Maldives Prez forced out, India keeping a watch

  • Jayanth Jacob & Agencies, Hindustan Times, New Delhi / Male
  • |
  • Updated: Feb 08, 2012 01:37 IST
  • Mohamed Nasheed

    File photo of Maldives President Mohamed Nasheed who resigned after weeks of demonstrations. Agencies

  • tear gas

    A Maldives soldier kicks a tear gas canister towards police during a clash in Male, Maldives. The first democratically elected president Mohamed Nasheed of Maldives ...

  • Maldives soldier

    A Maldives soldier fires a rubber bullet towards police during a clash between them in Male, Maldives. The first democratically elected president Mohamed Nasheed of ...

  • Maldives soldiers

    Maldives soldiers, left, are involved in a clash with police officers, right, in Male, Maldives. Maldives President Mohamed Nasheed presented his resignation in a nationally ...

  • Maldives police

    Maldives police officers assume taking an oath before joining a protest against the military in Male, Maldives. Maldives President Mohamed Nasheed announced his resignation today ...

  • Opposition supporters

    Opposition supporters stage a protest at the Republican Square in Male, Maldives. Maldives President Mohamed Nasheed announced his resignation today following weeks of public protests ...

  • Hassan Manik

    People gather outside a building in Male, as news breaks that mutinying police has taken over the state broadcaster, in this still image taken from ...

  • Republic Square

    In this handout photograph provided by Haveeru News Service, opposition activists celebrate at Republic Square following the news that a group of police officials have ...

  • Maldivian President

    In this handout photograph provided by Haveeru News Service, Maldivian President Mohamed Nasheed (C, wearing white) walks towards the military headquarters after meeting special police ...

  • Maldivian police

    In this handout photograph provided by Haveeru News Service, mutinying Maldivian police are seen amid a cloud of tear gas as they confront the military ...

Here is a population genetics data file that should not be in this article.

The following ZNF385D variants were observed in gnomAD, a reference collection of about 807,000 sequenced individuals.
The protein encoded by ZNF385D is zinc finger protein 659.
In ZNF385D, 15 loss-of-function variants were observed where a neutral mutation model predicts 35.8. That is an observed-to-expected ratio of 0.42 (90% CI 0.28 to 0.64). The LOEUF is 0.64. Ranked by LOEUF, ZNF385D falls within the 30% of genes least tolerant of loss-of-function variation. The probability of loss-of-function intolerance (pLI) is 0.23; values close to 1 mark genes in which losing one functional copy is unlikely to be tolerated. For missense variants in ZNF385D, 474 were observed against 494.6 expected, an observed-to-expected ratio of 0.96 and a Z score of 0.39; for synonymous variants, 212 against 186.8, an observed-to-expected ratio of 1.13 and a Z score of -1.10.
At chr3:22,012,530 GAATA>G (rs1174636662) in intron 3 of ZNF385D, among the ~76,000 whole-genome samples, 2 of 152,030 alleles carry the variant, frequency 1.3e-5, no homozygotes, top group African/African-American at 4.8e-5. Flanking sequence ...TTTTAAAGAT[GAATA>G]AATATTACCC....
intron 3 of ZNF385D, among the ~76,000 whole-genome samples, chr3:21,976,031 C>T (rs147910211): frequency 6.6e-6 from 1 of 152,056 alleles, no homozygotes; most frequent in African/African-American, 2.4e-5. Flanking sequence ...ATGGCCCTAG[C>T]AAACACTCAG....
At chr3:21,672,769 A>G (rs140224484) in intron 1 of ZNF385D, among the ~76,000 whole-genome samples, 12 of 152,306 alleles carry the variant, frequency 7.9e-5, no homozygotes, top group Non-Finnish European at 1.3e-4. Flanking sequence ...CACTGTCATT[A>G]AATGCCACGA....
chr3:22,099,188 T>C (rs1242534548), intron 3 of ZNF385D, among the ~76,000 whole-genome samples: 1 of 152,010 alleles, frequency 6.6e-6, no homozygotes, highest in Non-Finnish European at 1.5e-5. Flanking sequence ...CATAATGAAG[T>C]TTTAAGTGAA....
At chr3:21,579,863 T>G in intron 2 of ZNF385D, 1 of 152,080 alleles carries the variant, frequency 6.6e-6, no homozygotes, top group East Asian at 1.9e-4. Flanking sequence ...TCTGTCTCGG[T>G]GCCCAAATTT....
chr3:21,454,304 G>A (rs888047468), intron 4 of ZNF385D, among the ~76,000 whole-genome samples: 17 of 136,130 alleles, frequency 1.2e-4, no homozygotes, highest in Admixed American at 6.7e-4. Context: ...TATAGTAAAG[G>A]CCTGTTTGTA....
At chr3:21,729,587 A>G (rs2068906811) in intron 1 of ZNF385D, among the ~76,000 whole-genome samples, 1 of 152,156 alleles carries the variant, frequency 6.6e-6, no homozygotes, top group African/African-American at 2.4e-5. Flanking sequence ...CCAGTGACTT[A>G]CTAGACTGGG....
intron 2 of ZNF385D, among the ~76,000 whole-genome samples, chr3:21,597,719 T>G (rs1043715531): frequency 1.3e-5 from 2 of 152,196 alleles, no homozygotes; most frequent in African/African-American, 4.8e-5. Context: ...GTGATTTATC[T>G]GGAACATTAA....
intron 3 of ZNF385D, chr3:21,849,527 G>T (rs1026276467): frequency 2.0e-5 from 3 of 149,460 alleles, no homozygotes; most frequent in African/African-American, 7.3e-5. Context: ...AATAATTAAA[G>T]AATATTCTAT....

India is keeping a close watch on the situation in Maldives, where a police mutiny Tuesday led to the resignation of the country's first democratically elected president Mohamed Nasheed, capping several weeks of political unrest.


With a new unity government in place under the leadership of vice-president Mohamed Waheed Hassan, who worked with Unicef and is the country's first TV anchor, India feels that the "worst could be over" and the situation will stabilise.

"We remain committed to extending the fullest support and cooperation to the government of Maldives in its endeavour to promote peace and progress…," the ministry of external affairs spokesperson said in a statement.

Nasheed, who swept to victory in 2008 ending 30-year rule of Maumoon Abdul Gayoom, said in a televised address, "I resign because I am not a person who wishes to rule with the use of power." Nasheed drew opposition fire for his arrest of a judge he accused of being in the pocket of Gayoom. 

Protests at the judge's arrest set off a constitutional crisis that had Nasheed defending himself against accusations of acting like a dictator. Hassan Saeed, leader of the DQP, one of the parties in the opposition coalition, and an Indian diplomatic source in Colombo said Nasheed had requested help from India and was refused, Reuters said.

One of the seven Saarc member countries, Maldives has a pivotal place in New Delhi's Indian Ocean and south Asia strategy. Its political leadership has shared close security ties with India.

A 30,000-strong Indian community lives in Maldives. "We continue to closely monitor the situation and understand that the Indian expatriate community there is safe," the spokesperson said.

 

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